I've been thinking quite a bit recently about what it means to be in the public eye as a writer. One of my friends reminded me of this video, filmed when I was 18 for The Eyes of a King:
But I still wanted to find a way to talk directly with the people who had been reading my books. For one thing, I appreciate the commitment and loyalty of readers who have chosen to spend several hours of their lives in the world that I've created. I also appreciate the fact that many people have written letters to let me know that they are waiting patiently for the third book, a particularly generous and encouraging thing to do. And, most of all, I didn't want to miss the chance to talk about reading and writing with interesting, like-minded people.
I looked at how other writers were managing to do this, and began to realise that being in the public eye as a writer has become something very different over the past seven years. When I first signed a publishing contract, in 2006, writers who wanted to communicate with their readers mainly did this through interviews with traditional media or organised public appearances: it was all very one-sided. Now, writers have interactive websites and blogs, Twitter feeds and profiles on social networking sites. They can talk to other writers and other readers directly and instantly, and most importantly, they can listen. It's more of a democracy. And for me, this is really positive. I think both the traditional ways of communicating and the new ones are necessary . It's a great thing that I can first read a literary interview with a distinguished writer like Salman Rushdie, and immediately afterwards go and follow him on Twitter! Writing is a dialogue, after all, and always has been - it's just becoming a wider and more inclusive one.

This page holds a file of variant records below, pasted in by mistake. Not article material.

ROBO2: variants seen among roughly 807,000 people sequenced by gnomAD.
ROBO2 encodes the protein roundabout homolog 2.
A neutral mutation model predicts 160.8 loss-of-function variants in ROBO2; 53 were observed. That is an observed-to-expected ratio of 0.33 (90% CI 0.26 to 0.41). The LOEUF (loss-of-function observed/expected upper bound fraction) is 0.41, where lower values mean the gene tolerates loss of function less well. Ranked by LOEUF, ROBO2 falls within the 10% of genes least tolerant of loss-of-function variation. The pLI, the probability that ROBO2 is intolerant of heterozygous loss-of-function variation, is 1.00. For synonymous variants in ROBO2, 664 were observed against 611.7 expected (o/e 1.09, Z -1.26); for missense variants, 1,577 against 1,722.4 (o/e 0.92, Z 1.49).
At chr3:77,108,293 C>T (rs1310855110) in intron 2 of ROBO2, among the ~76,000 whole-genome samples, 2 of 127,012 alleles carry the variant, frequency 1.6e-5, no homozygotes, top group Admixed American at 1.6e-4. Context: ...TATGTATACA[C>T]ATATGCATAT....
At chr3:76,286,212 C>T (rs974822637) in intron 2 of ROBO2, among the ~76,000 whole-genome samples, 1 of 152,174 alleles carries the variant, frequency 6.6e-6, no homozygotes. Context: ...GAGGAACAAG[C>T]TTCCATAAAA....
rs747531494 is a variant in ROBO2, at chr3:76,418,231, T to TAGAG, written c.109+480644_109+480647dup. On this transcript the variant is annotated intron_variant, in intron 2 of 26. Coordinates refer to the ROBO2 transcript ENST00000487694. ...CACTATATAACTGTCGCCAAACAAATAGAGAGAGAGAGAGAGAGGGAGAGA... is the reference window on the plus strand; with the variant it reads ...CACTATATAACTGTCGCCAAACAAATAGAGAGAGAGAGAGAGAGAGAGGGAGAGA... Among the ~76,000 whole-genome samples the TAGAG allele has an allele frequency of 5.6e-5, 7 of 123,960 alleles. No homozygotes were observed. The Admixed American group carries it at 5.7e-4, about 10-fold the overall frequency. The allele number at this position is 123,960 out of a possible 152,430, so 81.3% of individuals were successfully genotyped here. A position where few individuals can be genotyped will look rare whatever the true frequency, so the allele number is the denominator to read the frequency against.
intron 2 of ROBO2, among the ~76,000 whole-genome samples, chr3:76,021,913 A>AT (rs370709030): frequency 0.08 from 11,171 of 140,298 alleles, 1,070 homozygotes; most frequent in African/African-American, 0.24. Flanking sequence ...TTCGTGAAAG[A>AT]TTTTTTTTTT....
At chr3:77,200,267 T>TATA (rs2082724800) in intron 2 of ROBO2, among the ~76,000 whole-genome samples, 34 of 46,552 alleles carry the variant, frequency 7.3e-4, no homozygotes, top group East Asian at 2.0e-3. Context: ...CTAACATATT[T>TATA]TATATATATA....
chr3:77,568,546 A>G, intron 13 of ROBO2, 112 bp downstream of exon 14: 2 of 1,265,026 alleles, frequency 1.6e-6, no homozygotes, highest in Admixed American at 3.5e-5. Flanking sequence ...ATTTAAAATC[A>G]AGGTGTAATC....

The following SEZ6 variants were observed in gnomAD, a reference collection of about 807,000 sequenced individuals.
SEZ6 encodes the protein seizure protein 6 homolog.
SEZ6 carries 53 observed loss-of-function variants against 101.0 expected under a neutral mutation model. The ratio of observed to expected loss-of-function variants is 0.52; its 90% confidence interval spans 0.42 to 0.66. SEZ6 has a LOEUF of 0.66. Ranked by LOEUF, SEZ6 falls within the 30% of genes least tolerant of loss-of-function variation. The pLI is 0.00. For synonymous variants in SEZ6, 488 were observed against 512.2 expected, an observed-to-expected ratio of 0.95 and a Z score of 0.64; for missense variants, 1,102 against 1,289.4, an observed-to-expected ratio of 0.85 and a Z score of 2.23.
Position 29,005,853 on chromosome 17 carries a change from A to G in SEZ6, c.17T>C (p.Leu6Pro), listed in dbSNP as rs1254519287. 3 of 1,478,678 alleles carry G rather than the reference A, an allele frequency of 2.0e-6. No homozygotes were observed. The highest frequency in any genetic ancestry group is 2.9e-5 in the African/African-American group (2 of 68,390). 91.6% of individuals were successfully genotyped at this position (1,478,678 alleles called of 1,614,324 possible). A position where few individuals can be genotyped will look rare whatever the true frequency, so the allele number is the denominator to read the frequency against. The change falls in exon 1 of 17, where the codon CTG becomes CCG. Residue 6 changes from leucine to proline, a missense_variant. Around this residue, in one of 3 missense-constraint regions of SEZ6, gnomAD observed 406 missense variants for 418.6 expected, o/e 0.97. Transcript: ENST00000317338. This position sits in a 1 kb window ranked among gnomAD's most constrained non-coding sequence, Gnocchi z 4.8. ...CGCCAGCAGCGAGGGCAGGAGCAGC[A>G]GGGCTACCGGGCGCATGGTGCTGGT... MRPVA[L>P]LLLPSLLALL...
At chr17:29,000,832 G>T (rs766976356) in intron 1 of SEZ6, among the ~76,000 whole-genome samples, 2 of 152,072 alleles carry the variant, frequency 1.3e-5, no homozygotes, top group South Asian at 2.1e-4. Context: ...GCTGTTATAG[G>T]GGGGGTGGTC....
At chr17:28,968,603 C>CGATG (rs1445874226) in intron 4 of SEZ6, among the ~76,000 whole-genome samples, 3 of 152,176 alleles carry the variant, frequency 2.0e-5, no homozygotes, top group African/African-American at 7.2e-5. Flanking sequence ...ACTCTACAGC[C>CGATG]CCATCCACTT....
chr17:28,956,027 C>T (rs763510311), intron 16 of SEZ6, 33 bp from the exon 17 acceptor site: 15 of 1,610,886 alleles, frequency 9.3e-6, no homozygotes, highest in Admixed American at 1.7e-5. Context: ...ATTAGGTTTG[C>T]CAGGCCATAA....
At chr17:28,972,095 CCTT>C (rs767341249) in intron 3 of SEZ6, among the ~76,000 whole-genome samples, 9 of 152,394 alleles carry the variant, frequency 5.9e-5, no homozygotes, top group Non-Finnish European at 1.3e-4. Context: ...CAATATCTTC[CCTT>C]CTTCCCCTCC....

So on the first day of 2013 I decided to stop being a hermit and join in! I've tried to find ways that I can be as approachable as possible in the run-up to the publication of The Heart at War. Of course, I'm making the book my first priority, so I've mainly been working on this during the odd moments of spare time I can find at evenings and weekends. All the same, I've made progress in my journey into the 21st century: I now have a Facebook page, a Twitter feed and - one I particularly like - a Pinterest page where I'll try to share images that inspire me and which relate to the books, as well as giving a few clues about The Heart at War and, of course, following the beautiful pages other writers and readers have created.
What I like most about these ways of connecting is that they are about books and ideas, about sharing things, not just about individuals. They open up a whole world of reading, writing and thinking that is much larger and richer than your own single contribution could ever be. Communication, as a writer, has become less like a speech from a pedestal and more like a friendly conversation. I find that I'm inspired by the discussions and creativity going on, without necessarily having to say very much myself - something that has always suited quiet people like me much better anyway!
What do you think about authors using social networks? Which are the best ways to connect and start conversations about reading and writing, in your view? And do you have a page, blog or Twitter feed that you would like me to follow?